France believes that having threatened the United Kingdom with retaliatory measures for the contentious fishing licenses has served to bring the British to sit down to negotiate, discussions that will continue next week.
Johnson and Macron unleash the fishing war amid Brexit crisis
One day after the meeting in Paris of the heads of European Affairs of France, Clément Beaune, and the United Kingdom, David Frost, the French Secretary of State for Tourism, Jean-Baptiste Lemoyne, has attributed these negotiations to “having hardened and threatened, “in statements to channel France 2.
In any case, Lemoyne has ruled out using tourism within the retaliatory device: “Tourism should not be influenced by geopolitics.” It has also excluded, for example, appeals to the French not to travel to the United Kingdom.
Since last week, the French Government had prepared a series of pressure measures that were initially due to come into force this Tuesday, starting with a ban on British fishing vessels from landing in French ports and a tightening of controls on imports from United Kingdom.
French President Emmanuel Macron decided on Monday night to paralyze the application of these reprisals to allow time for a negotiation between Beaune and Frost, who will meet again at the beginning of next week.
Lemoyne has reiterated his government’s arguments that France’s goal is for the British to “respect the word they gave” by signing the Brexit agreement in December 2020, which includes a chapter on fishing.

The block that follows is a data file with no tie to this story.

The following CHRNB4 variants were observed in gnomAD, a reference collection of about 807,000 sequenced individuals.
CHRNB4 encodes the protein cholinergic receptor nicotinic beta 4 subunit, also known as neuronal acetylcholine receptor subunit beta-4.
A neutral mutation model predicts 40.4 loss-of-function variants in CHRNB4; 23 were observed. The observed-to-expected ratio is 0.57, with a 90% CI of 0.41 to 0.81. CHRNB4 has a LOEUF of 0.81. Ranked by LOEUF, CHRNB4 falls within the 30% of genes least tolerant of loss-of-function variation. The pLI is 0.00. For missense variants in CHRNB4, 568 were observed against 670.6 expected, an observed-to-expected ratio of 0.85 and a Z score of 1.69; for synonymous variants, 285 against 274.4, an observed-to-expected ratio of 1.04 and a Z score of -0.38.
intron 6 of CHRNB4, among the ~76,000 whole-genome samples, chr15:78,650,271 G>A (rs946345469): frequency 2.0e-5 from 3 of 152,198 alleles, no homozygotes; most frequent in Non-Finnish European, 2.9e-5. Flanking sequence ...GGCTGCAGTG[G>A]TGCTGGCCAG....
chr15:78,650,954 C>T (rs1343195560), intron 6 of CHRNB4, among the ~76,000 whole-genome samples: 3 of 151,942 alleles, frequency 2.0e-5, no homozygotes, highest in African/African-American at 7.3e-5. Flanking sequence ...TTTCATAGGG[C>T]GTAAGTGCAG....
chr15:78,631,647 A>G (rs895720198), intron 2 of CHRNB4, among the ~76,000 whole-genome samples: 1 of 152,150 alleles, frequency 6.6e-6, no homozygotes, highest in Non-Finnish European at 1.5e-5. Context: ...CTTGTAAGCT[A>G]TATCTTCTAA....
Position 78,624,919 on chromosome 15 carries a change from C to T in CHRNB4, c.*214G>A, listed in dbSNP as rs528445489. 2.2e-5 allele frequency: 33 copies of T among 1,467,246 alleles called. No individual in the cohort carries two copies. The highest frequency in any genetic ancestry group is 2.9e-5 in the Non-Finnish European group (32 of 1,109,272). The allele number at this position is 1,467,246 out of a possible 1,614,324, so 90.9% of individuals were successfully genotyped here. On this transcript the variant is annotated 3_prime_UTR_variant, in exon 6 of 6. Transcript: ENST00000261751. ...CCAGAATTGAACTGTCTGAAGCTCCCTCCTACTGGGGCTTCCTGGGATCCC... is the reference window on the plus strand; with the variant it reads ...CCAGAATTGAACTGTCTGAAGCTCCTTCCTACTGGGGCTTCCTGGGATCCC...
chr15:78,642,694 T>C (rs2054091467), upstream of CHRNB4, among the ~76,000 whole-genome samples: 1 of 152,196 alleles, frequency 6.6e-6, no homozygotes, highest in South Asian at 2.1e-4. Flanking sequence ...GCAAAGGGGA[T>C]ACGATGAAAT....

This chapter stipulates that European Union (EU) fishing vessels may continue to fish in waters under British jurisdiction, but on condition that they obtain licenses granted by the United Kingdom for which it is necessary to demonstrate that they have already fished in those areas previously.
The problem is that France considers that London is not complying and that it considers that there are some 200 licenses to which it estimates that its fishermen are entitled that have not been granted.
This Friday there is a new negotiation chapter in Brussels and under the auspices of the European Commission, something that France considers an advance of its position, since it wants to remove the dispute from a strictly bilateral framework and insists that the Brexit agreement was signed the British with the EU.
Beaune said this Thursday that she had not felt sufficiently supported by the EU in this pulse, although she acknowledged that the situation “has changed in recent days.”